How Counseling Is Different From Chatting with a Buddy

Some friendships last for a lifetime, but I sure hope that your relationship with your counselor won’t last that long. On the contrary, have you ever talked to a loved-one who is a TERRIBLE listener? You love them, but you really can’t or shouldn’t talk to them.

The best illustration I heard from an introverted friend about talking to a terrible listener feels like unclothing themselves, but nobody covers them with warmth and acceptance. They feel exposed, ashamed and vulnerable.

Well-known researcher of Shame, Dr. Brene Brown, from the University of Houston made a list of 6 types of people who do not deserve to hear your shame story.

A good counselor is a trained listener to encourage you to embrace their vulnerability with healthy boundaries. The safety from confidentiality should be an environment for the client to feel comfortable to explore their strengths and weaknesses, so that they can thrive and bear fruits.

Friends Can Be Biased

Although it might not be the case all the time, but sometimes, our loved ones can love us so much that they are too biased to be only see one side of the story. It might be even worse if they jump to the “let me fix your problem” mode with those biases. It feels so much more exhausting to share your story than not sharing your story.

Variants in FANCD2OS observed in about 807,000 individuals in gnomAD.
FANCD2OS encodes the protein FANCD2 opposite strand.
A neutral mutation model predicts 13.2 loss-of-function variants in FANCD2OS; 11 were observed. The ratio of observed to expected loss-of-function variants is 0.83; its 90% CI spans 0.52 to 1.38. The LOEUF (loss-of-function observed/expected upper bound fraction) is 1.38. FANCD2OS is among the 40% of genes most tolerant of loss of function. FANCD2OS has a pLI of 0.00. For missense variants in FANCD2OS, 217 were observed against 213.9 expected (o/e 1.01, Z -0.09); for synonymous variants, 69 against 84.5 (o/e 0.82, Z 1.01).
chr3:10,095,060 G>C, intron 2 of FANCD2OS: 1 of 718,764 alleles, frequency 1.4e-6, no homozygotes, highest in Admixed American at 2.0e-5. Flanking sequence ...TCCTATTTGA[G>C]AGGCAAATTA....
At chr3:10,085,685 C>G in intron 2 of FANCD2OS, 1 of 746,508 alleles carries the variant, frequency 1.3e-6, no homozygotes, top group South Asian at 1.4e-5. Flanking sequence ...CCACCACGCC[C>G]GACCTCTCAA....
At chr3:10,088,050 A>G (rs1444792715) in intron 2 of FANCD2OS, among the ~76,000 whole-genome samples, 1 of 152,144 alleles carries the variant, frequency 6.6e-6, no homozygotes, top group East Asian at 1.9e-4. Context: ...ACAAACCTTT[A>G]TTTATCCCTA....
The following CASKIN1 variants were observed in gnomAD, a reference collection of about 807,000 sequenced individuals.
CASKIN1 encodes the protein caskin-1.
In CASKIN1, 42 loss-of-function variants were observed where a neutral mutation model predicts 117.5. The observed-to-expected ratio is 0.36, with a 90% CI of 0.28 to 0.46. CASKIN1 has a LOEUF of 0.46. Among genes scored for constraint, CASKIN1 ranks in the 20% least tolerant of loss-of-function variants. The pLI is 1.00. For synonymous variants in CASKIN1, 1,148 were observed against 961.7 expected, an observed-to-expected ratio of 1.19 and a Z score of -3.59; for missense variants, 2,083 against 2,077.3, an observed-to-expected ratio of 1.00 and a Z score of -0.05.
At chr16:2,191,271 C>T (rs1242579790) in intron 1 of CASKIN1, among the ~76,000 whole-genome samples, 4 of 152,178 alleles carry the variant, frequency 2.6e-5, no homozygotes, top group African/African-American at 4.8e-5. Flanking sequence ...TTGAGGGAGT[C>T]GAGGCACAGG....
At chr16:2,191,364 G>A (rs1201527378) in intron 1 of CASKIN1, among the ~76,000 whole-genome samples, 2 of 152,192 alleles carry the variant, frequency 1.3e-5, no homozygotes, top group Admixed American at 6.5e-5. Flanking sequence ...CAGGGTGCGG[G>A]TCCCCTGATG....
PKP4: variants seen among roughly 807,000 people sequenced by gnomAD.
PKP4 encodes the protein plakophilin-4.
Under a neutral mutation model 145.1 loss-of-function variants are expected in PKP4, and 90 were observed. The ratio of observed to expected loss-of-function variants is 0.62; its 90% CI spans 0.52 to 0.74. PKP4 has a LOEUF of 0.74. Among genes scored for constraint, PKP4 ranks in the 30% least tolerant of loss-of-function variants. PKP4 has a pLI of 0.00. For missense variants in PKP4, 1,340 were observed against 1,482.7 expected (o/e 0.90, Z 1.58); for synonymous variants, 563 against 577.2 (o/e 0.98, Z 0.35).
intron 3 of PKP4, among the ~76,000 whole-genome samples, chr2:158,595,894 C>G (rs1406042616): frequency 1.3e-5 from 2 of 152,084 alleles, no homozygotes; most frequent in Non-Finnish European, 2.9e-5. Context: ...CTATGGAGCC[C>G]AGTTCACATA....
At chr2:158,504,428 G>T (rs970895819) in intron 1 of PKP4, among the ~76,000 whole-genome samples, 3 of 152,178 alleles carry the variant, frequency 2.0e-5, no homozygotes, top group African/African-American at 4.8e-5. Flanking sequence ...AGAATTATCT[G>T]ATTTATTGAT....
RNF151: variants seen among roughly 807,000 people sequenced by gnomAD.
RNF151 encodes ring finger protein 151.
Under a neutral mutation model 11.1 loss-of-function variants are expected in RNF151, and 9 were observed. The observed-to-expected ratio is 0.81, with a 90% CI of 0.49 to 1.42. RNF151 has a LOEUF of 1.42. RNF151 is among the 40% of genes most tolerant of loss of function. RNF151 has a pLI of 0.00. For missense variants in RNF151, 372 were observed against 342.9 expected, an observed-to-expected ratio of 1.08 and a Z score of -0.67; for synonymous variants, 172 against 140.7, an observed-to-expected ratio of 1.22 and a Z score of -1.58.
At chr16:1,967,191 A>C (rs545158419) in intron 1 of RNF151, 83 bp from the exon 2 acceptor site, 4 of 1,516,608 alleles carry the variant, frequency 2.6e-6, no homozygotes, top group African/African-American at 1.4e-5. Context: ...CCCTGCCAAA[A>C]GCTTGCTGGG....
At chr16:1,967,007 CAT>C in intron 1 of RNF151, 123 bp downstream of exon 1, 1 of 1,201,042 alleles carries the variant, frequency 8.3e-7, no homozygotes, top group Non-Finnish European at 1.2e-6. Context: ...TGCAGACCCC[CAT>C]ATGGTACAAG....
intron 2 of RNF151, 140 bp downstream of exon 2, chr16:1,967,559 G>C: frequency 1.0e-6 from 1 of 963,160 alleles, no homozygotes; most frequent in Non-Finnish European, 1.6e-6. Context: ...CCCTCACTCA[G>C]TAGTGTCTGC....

Friends Can Be Judgmental

Are you friends with Mr. and Mrs. Know-It-All? They make you feel so dumb after talking to them because, you know, unlike you, they know it all. Not to mention, even if they don’t think that you are a burden, you hate to feel like a burden to them. When you see a counselor professionally, you do not have the guilt of unloading the junks of life to them. More importantly, even if your friend did not judge you, the people they shared with might! Your counselor is not going to tell your co-workers, in-laws or your church members about it. Confidentiality is HUGE in counseling.

Friends Might Turn You Into Their Comforter

Have you ever shared something with someone that you had to turn around to make them feel better? They might be SO sorry for you that it makes everything awkward? Alternatively, they seemed so shocked hearing about your vulnerable story that you no longer want to open up? I have worked with different interpreters who are not trained in counseling; what happened sometimes is that the interpreters who are not used to hearing difficult stories or emotions might be in shock or deep sorrow after hearing the stories that the client turned around to comfort them.

Listening is one thing, empathic listening is something else. Being vulnerable to someone who is not trained can be painful or detrimental. If you have more questions about professional counseling or would like to schedule an appointment, you may visit here.

 

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